I want to write about a few tips I have picked up while traveling. These are tips for discounts while
traveling with the disabled and just tips in general.
My girls have been to Paris, the Caribbean, Mexico and many U.S.A. destinations. They are great travelers and anywhere we go we look for ways to enhance their trip or to help with the cost due to a disability.
Here is a list of a few places that have discounts for the disabled or seniors.
National parks. (Require National Park Disability Card which is free or senior card which is $10 a yr)


Amusement Parks (Not Disneyland or other Disney Parks but they do sometimes give you a front of the line pass.

NYC Subway has a discount pass for seniors and the disabled but you have to fill out some paperwork and provide proof ahead of time. I choose to just pay for the 7 day pass but it is a good deal if you are going there for a week or more visit.

I read that Amtrak also offers a discount but not sure how much. Check it out if traveling by train.

Most city buses systems have a discount for their monthly pass or day pass. Proof may be required

Broadway Shows. There is a website for discount passes to some shows but it is mostly for Autistic Children. I checked it out but wasn't able to take advantage of it. Might be worth it because Broadway shows are so expensive. There is a great app for discounts in general. TODAY TIX. You can purchase up to 5 or 6 days in advance and the discount is good.

The best thing to do is to always ask. Ask everywhere you go.

While visiting New York we were offered the front of the line at the Empire State Building and the Ferries. It is a great help for both me and my daughters because of the long waits in line.

Airlines. I don't find them to be accommodating or even extra kind to the mentally disabled but have witnessed them helping the physically disabled.  My daughters are pretty good at handling themselves while traveling so maybe this is why I don't see any extra consideration. But then again airline travel is not what it used to be and I don't really see any extra consideration for anyone. Kindness is almost rare too so I usually go out of my way to be extra kind to them. I suggest cookies or some small eatable gift, but make sure it's store bought, to give to the help and usually that helps with extra kindness on their part. We were offered cocktails, gifts, cookies and much kindness.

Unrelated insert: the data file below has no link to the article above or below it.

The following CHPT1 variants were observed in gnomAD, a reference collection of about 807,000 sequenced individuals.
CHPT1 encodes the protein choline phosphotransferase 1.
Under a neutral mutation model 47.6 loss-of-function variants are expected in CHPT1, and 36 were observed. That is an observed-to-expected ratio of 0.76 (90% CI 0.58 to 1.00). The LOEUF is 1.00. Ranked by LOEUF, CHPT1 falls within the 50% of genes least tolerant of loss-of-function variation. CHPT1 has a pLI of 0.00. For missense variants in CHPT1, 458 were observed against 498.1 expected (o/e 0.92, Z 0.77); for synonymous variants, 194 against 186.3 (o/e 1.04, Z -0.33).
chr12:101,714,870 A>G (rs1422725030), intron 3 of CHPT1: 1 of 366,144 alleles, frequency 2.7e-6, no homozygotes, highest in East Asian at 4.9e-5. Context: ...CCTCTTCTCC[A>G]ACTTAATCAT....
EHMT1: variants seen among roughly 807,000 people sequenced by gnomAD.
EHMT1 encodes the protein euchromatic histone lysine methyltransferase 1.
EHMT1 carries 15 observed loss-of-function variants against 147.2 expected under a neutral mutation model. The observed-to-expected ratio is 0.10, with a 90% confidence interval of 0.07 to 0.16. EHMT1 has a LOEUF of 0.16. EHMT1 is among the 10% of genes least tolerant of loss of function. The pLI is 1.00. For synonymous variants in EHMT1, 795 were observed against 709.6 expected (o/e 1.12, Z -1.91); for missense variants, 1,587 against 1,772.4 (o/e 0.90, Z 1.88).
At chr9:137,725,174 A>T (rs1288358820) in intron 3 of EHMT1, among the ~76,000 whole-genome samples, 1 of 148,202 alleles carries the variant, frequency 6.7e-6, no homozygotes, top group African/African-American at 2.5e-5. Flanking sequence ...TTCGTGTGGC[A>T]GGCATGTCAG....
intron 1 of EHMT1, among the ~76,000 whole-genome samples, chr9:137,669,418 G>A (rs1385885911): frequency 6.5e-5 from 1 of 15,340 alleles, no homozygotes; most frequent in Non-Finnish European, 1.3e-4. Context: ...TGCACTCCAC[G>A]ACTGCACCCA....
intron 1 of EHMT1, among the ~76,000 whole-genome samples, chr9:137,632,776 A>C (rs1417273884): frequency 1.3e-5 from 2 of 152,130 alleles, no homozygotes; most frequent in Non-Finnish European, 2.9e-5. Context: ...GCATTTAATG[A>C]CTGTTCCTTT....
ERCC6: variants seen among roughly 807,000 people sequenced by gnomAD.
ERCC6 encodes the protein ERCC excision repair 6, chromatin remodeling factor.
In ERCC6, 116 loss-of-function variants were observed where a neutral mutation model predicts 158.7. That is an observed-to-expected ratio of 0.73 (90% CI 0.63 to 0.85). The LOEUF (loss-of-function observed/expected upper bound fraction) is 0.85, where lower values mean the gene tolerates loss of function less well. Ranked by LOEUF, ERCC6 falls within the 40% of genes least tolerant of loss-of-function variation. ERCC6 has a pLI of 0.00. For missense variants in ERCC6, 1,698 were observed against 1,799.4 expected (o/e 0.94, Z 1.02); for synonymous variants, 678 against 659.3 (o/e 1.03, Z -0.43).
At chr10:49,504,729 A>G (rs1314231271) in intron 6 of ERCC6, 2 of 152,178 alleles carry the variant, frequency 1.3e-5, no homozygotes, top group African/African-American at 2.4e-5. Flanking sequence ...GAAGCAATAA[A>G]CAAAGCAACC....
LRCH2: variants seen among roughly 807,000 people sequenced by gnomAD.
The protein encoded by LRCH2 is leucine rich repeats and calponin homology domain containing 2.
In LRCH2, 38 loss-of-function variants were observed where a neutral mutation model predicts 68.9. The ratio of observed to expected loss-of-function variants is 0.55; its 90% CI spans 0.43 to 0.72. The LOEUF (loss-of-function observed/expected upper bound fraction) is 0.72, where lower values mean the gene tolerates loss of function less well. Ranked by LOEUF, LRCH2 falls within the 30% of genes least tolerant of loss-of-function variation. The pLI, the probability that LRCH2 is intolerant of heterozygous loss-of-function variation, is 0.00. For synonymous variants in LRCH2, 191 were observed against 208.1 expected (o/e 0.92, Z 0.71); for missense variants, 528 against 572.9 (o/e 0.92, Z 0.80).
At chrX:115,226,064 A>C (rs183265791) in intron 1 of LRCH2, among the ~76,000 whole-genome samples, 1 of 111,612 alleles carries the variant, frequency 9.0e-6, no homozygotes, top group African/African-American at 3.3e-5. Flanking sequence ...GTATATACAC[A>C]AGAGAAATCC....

Cruising is very accommodating to anyone because of the large hallways, elevators etc. If you want very special attention for your disabled child take a Disney Cruise. I was able to go on one myself and witnessed the kindness and consideration for a physically challenged boy at a table next to us. They also have wonderful child care and unlike other cruises they will watch your disabled child and even a child in diapers. They give you so many hours a day to do this. It's a wonderful trip. Somewhat expensive but worth every penny.

We traveled to France and there wasn't any consideration for disabled people. I didn't even see any disabled people. The trains and subways are mostly inaccessible to wheelchairs and physically handicapped and even to some seniors who can't get around to well. I think most of Europe must be like this. I have traveled all over the world and haven't seen many accommodations for the disabled anywhere else besides the United States. I have been to hotels with no elevators and had to walk up 3 flights of stairs with suitcases. So if you are traveling abroad research thoroughly if you have a physically challenged person with you.

This is an updated post and since we have traveled on a Mediterranean Cruise with land visits to Venice and London. The Norwegian Spirit treated us like VIP's. I had written a letter before the trip because I wanted one of my daughters to do a video dancing in each port. You can see this video in another post. They did not collaborate with us on this but gave us a VIP cruise. It was wonderful. We also found the Europeans to be quite considerate and kind to the girls. We got discounts on entries, discounts on souvenirs we bought, back door entries to avoid lines and special help in finding the right buses and trains. People were excited to meet the girls and showed every kindness. The previous information on France says differently but we were in the big city of Paris. At the time we were there Americans in general were not to welcomed. But things have changed and we were overwhelmed with kindness.

I also wrote Westminster Abbey and we received a free, private tour of the Abbey. It was a 3 hour tour designed for the girls.

Another place we visited and got a special tour was our nations capital. I wrote our Congressman and a special tour was arranged for our group.

So remember to always ask. Write letters and do research. There are many things out there to help us and to enable us to travel with our disabled family members.